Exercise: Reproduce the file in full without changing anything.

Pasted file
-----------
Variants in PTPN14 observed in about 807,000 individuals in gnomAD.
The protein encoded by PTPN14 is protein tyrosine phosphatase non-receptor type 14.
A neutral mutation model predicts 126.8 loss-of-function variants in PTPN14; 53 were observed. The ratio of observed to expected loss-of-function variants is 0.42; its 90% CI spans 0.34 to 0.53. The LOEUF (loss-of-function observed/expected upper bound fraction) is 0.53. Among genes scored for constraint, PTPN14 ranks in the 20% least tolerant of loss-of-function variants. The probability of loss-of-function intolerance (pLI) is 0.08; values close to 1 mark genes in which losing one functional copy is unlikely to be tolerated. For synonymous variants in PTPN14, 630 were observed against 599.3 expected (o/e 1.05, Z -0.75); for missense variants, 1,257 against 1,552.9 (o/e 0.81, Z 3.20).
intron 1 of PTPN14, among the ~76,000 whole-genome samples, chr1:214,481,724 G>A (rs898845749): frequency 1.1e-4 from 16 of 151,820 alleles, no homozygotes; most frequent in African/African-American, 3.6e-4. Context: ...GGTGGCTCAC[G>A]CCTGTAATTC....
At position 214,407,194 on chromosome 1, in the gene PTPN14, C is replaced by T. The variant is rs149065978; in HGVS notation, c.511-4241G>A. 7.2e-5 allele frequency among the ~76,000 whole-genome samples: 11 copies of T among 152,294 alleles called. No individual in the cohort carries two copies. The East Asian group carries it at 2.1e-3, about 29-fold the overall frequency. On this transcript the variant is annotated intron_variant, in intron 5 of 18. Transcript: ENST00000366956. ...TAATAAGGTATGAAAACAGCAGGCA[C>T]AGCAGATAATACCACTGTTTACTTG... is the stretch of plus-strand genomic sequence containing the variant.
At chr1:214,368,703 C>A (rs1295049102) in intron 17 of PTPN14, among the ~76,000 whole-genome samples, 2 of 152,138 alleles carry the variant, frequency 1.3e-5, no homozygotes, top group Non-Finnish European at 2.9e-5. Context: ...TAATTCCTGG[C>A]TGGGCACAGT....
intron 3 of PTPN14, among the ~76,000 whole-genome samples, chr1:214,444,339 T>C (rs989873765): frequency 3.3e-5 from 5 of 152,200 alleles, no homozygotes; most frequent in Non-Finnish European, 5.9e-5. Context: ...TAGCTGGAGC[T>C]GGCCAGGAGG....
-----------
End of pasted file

Variants in PTPN14 observed in about 807,000 individuals in gnomAD.
The protein encoded by PTPN14 is protein tyrosine phosphatase non-receptor type 14.
A neutral mutation model predicts 126.8 loss-of-function variants in PTPN14; 53 were observed. The ratio of observed to expected loss-of-function variants is 0.42; its 90% CI spans 0.34 to 0.53. The LOEUF (loss-of-function observed/expected upper bound fraction) is 0.53. Among genes scored for constraint, PTPN14 ranks in the 20% least tolerant of loss-of-function variants. The probability of loss-of-function intolerance (pLI) is 0.08; values close to 1 mark genes in which losing one functional copy is unlikely to be tolerated. For synonymous variants in PTPN14, 630 were observed against 599.3 expected (o/e 1.05, Z -0.75); for missense variants, 1,257 against 1,552.9 (o/e 0.81, Z 3.20).
intron 1 of PTPN14, among the ~76,000 whole-genome samples, chr1:214,481,724 G>A (rs898845749): frequency 1.1e-4 from 16 of 151,820 alleles, no homozygotes; most frequent in African/African-American, 3.6e-4. Context: ...GGTGGCTCAC[G>A]CCTGTAATTC....
At position 214,407,194 on chromosome 1, in the gene PTPN14, C is replaced by T. The variant is rs149065978; in HGVS notation, c.511-4241G>A. 7.2e-5 allele frequency among the ~76,000 whole-genome samples: 11 copies of T among 152,294 alleles called. No individual in the cohort carries two copies. The East Asian group carries it at 2.1e-3, about 29-fold the overall frequency. On this transcript the variant is annotated intron_variant, in intron 5 of 18. Transcript: ENST00000366956. ...TAATAAGGTATGAAAACAGCAGGCA[C>T]AGCAGATAATACCACTGTTTACTTG... is the stretch of plus-strand genomic sequence containing the variant.
At chr1:214,368,703 C>A (rs1295049102) in intron 17 of PTPN14, among the ~76,000 whole-genome samples, 2 of 152,138 alleles carry the variant, frequency 1.3e-5, no homozygotes, top group Non-Finnish European at 2.9e-5. Context: ...TAATTCCTGG[C>A]TGGGCACAGT....
intron 3 of PTPN14, among the ~76,000 whole-genome samples, chr1:214,444,339 T>C (rs989873765): frequency 3.3e-5 from 5 of 152,200 alleles, no homozygotes; most frequent in Non-Finnish European, 5.9e-5. Context: ...TAGCTGGAGC[T>C]GGCCAGGAGG....